Golang – Concurrency vs Parallelism vs Sequential

Golang – Concurrency vs Parallelism vs Sequential

Problem Description:

I am learning Go at the moment and got quite frustrated understanding the different between Concurrency vs Parallelism vs Sequential.

Let’s say we have a process that scraps a slice of 5 URLs and paste the content in a text file. The process takes 2 seconds per URL.

  • Sequentially -> it takes 10 seconds since it does one after the other
  • Parallel -> takes less than 10 seconds since it does them simultaneously but using multiple threads or processors.
  • Concurrently -> takes less than 10 seconds but it does not require multiple threads or processors.

Not sure if I am right until here. My questions are:

I read that parallelism does things simultaneously (running and listening to music for example) and concurrency handles things at the same time (getting breakfast done while ironing shirts for example).

But if that’s the case, why is concurrency not taking 10 seconds to complete since at the end of the day you are not doing everything at the same time but just doing bits of everything until you complete it all?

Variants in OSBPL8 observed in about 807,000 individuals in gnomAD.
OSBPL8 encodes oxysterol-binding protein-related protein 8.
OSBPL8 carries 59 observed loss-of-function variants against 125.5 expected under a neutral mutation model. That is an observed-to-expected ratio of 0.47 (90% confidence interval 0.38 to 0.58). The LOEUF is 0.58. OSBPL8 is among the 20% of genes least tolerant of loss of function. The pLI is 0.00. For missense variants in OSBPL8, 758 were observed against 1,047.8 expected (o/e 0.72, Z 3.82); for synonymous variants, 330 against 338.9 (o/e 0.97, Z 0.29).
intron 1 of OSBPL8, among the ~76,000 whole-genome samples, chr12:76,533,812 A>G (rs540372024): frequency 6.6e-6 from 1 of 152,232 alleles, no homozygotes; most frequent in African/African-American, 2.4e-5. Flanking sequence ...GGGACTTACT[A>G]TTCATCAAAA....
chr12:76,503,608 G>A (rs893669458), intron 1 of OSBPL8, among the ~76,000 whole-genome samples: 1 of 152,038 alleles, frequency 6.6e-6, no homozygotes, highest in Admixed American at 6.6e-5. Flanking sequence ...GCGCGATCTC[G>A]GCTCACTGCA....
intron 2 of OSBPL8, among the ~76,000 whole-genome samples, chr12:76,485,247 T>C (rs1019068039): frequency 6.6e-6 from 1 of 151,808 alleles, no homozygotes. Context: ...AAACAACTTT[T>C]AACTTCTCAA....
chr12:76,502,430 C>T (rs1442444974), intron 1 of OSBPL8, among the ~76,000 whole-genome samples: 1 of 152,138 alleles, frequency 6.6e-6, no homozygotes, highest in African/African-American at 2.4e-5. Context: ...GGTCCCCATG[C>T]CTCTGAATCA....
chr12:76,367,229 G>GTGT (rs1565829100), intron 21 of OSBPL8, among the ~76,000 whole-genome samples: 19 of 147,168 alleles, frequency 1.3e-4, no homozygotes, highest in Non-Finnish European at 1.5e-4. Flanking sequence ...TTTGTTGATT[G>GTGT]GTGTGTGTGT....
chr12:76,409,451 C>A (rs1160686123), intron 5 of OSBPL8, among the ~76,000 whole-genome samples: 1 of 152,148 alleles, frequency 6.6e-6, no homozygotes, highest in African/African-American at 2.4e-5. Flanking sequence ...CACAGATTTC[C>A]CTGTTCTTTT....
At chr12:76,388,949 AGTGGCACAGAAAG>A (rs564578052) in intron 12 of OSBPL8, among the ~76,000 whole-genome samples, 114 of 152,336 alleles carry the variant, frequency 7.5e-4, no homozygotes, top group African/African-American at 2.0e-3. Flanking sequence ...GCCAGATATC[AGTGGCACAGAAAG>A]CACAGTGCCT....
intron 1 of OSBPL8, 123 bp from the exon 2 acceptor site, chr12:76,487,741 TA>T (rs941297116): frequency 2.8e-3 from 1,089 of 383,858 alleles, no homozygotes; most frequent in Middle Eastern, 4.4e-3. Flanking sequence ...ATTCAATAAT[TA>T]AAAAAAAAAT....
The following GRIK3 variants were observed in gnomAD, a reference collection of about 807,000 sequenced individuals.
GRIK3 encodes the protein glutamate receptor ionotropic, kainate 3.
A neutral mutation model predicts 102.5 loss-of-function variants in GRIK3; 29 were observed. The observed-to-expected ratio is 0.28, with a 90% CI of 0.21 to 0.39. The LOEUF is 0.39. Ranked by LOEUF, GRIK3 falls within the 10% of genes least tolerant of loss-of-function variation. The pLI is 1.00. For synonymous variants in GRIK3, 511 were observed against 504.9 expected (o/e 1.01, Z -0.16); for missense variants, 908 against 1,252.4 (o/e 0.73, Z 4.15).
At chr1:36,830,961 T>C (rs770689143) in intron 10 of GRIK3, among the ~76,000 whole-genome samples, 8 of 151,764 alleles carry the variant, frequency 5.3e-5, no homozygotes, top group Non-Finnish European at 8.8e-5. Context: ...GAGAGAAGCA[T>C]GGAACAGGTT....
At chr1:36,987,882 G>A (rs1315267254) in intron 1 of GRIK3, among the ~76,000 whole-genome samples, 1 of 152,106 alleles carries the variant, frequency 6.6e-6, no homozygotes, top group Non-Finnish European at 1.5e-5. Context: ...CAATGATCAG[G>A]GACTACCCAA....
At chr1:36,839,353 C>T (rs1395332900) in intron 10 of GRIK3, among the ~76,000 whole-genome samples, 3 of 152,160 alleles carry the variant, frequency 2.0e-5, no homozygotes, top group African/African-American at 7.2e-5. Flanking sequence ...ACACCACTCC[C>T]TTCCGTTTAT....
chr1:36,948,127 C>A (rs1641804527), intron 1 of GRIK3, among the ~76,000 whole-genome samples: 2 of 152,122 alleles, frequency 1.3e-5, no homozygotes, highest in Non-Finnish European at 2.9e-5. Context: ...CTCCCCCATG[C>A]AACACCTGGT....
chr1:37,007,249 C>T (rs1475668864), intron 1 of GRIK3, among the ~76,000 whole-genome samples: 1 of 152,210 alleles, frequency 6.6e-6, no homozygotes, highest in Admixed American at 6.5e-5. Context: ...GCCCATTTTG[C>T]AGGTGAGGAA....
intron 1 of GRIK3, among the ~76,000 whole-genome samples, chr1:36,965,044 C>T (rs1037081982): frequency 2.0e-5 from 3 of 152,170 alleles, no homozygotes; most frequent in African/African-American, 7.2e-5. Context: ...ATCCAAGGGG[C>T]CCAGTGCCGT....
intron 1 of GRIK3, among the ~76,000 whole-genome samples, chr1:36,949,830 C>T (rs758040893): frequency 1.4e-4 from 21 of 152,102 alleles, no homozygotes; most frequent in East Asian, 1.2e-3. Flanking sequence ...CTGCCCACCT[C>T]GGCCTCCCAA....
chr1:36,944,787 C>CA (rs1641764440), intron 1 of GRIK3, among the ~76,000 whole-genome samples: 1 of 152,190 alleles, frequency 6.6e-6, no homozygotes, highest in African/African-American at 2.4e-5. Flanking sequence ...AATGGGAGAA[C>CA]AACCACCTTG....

Solution – 1

Here’s an analogy to explain.

You need to fry 5 eggs, sunny side up. To cook an egg you crack it onto the griddle, wait for a few minutes, then take it off.

  • The sequential approach is to fry the first egg to completion, then fry the second egg to completion, and so on, until you have 5 fried eggs.

  • The parallel approach is to hire 5 cooks, tell each of them to fry an egg, and wait until they are all finished.

  • The concurrent approach is that you cook all 5 eggs yourself the way you would actually do it. That is, you quickly crack each egg onto the pan, then take each one off when it’s ready.

The reason you’re able to save time without having to hire 5 cooks is because the number of cooks wasn’t what was limiting you from going faster. It takes a couple minutes to cook an egg, but it only occupies your attention and your hands for a few seconds at the beginning and end.

The Go runtime and modern OS runtimes are similarly smart. They know that while your thread is waiting to receive a network response, the processor can look for other things to occupy it’s attention.

The larger picture of concurrency is concerned not primarily with the number of processors, but with resource contention in general. The execution of tasks demands resources, and we cannot use more resources than are available. Processors are one resource, but there is also memory storage, memory bandwidth, network bandwidth, file handles, and the list goes on.

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